Our Oscary spotlight on Black History Month continues with Matthew Eng on the currently very hot Taraji P. Henson
It’s one thing to nab yourself a lead role on a juicy, mega-hit network drama with a mind-blowing, week-to-week ratings surge. But to be the undeniable breakout star of said TV show, to act circles around your leading man and everyone else on screen, to inspire tepid critics to unanimously single out your performance, to remain the number one (some would say only) reason to tune in, and to snatch yourself an actual catchphrase within the pilot? That’s a whole other heap of achievements entirely.
Taraji P. Henson is having a great year, which is an especially exciting thing to write, because, to my mind, few working actresses (much less working actresses of color) deserve it more. Henson’s such a reliably loose, shrewd, and engrossing performer that she carries a certain kind of built-in assurance for audiences: no matter the part or project, you can be sure that at least one professional has showed up to work and you better believe she will be giving it her absolute all. This kind of noticeable, on-camera go-for-broke-ness can often be applied for better and worse, but Taraji’s almost certainly in the former camp; she knows when to reign it in and how to modulate this quality from scene-to-scene and film-to-film, while remaining an exciting and involving on-screen presence.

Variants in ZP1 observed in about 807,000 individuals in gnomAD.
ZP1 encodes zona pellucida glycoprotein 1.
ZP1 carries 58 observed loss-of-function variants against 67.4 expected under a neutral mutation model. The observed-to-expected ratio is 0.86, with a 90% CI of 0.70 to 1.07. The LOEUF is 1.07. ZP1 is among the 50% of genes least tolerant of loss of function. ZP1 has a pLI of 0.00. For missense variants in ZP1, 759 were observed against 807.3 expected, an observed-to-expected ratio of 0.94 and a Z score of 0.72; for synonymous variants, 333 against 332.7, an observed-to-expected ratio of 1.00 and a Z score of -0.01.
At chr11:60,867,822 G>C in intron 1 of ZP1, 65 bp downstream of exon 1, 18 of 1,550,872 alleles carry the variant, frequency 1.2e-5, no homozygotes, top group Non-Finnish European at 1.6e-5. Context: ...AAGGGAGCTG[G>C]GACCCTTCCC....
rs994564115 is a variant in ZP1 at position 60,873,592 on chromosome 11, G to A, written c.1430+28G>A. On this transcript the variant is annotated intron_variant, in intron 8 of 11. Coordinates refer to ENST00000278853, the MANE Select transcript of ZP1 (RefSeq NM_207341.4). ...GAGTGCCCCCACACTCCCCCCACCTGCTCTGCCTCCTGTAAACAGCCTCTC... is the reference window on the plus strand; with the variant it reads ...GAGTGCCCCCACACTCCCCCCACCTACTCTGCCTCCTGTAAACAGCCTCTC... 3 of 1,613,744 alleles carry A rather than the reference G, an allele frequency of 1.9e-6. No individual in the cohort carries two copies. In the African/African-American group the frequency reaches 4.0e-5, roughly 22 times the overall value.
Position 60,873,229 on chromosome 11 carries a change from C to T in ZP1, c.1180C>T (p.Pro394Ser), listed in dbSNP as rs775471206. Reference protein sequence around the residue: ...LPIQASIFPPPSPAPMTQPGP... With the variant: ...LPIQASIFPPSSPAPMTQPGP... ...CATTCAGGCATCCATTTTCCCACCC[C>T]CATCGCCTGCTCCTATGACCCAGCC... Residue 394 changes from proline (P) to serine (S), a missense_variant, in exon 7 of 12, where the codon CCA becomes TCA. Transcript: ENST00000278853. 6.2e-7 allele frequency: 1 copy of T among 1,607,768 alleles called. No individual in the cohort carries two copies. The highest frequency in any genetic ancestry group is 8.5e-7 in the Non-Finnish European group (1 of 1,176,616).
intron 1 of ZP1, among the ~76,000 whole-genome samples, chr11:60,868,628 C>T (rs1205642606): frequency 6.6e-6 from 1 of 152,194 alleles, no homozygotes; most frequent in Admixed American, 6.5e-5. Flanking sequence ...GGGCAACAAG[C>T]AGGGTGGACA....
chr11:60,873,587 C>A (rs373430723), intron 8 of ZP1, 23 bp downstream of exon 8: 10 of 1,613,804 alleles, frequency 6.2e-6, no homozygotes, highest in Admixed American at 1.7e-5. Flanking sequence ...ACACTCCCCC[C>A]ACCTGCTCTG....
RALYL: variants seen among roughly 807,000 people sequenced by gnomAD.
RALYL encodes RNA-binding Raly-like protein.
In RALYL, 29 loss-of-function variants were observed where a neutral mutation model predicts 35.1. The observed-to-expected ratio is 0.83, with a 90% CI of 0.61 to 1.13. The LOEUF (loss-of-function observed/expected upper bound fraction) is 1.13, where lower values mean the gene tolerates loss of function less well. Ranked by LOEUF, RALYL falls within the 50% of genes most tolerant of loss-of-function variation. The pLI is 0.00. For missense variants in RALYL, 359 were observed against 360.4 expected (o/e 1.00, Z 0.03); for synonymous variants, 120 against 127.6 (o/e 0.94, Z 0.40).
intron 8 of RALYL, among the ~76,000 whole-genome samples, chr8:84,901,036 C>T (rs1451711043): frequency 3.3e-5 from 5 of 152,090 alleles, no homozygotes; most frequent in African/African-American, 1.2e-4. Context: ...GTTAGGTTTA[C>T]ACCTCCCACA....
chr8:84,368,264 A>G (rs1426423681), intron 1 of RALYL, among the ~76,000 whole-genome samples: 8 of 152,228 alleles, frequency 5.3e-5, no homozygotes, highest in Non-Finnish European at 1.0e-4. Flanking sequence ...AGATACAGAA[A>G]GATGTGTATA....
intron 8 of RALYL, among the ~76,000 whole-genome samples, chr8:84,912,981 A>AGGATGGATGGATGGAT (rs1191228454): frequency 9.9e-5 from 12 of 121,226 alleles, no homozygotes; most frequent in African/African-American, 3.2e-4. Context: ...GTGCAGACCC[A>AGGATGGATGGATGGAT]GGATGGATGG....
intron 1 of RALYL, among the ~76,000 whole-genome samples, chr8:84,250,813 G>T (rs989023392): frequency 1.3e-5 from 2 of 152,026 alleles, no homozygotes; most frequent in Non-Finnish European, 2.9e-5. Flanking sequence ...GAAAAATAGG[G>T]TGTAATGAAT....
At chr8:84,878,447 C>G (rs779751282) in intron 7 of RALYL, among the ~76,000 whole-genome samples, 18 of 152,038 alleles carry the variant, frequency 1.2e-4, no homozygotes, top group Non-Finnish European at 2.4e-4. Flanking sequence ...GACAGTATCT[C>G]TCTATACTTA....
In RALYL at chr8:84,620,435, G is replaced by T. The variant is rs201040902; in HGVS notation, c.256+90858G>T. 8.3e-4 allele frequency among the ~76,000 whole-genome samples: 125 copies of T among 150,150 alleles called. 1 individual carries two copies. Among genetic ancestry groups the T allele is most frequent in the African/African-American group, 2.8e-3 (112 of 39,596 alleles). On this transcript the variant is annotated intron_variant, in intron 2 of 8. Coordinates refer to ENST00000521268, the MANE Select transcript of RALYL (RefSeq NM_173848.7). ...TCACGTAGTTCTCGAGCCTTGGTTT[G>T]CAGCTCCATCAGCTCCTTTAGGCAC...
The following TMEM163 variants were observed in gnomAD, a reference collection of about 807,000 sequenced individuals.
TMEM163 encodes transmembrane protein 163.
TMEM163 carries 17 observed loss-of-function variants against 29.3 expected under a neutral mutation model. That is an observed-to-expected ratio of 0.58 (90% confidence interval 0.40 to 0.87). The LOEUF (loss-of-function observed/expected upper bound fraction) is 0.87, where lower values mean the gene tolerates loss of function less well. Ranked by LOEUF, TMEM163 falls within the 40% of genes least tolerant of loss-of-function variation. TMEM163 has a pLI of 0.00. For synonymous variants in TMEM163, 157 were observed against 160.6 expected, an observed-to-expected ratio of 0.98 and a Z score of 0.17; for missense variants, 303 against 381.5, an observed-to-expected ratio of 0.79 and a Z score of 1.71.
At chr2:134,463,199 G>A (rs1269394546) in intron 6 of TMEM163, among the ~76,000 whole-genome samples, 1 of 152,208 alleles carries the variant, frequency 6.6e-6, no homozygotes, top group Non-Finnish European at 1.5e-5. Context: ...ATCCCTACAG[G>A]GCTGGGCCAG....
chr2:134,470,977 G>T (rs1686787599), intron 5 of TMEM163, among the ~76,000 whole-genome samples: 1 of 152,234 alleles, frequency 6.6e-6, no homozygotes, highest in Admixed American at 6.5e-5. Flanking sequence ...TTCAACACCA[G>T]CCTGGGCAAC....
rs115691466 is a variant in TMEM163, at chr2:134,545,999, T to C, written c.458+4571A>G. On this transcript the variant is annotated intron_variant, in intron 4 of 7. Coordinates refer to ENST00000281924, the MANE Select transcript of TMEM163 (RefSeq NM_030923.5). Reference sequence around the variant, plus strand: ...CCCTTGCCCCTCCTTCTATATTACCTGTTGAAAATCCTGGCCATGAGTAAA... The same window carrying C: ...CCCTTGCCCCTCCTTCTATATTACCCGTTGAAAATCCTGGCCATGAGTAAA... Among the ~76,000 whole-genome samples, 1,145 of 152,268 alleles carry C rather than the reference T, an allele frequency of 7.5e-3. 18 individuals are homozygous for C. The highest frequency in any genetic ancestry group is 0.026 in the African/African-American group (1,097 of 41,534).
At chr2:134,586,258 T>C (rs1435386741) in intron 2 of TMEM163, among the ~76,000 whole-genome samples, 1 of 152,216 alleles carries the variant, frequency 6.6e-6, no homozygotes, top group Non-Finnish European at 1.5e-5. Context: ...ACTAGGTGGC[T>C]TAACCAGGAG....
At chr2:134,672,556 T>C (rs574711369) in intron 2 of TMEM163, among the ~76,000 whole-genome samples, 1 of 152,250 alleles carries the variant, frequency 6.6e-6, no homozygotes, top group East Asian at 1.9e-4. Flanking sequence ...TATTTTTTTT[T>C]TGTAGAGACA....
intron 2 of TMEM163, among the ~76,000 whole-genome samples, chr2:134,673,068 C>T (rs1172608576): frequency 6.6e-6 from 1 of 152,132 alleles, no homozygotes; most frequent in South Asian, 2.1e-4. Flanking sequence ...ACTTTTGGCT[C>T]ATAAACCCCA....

It’s strange then and somewhat disappointing that the performance for which Henson received her first and (so far) only Oscar nomination as Best Supporting Actress for David Fincher’s The Curious Case of Benjamin Button is, in many ways, one of her most boring. Had Oscar voters not seen through the fraudulent "supporting" campaign for Kate Winslet, Taraji might not have been there at all for this true-blue supporting performance...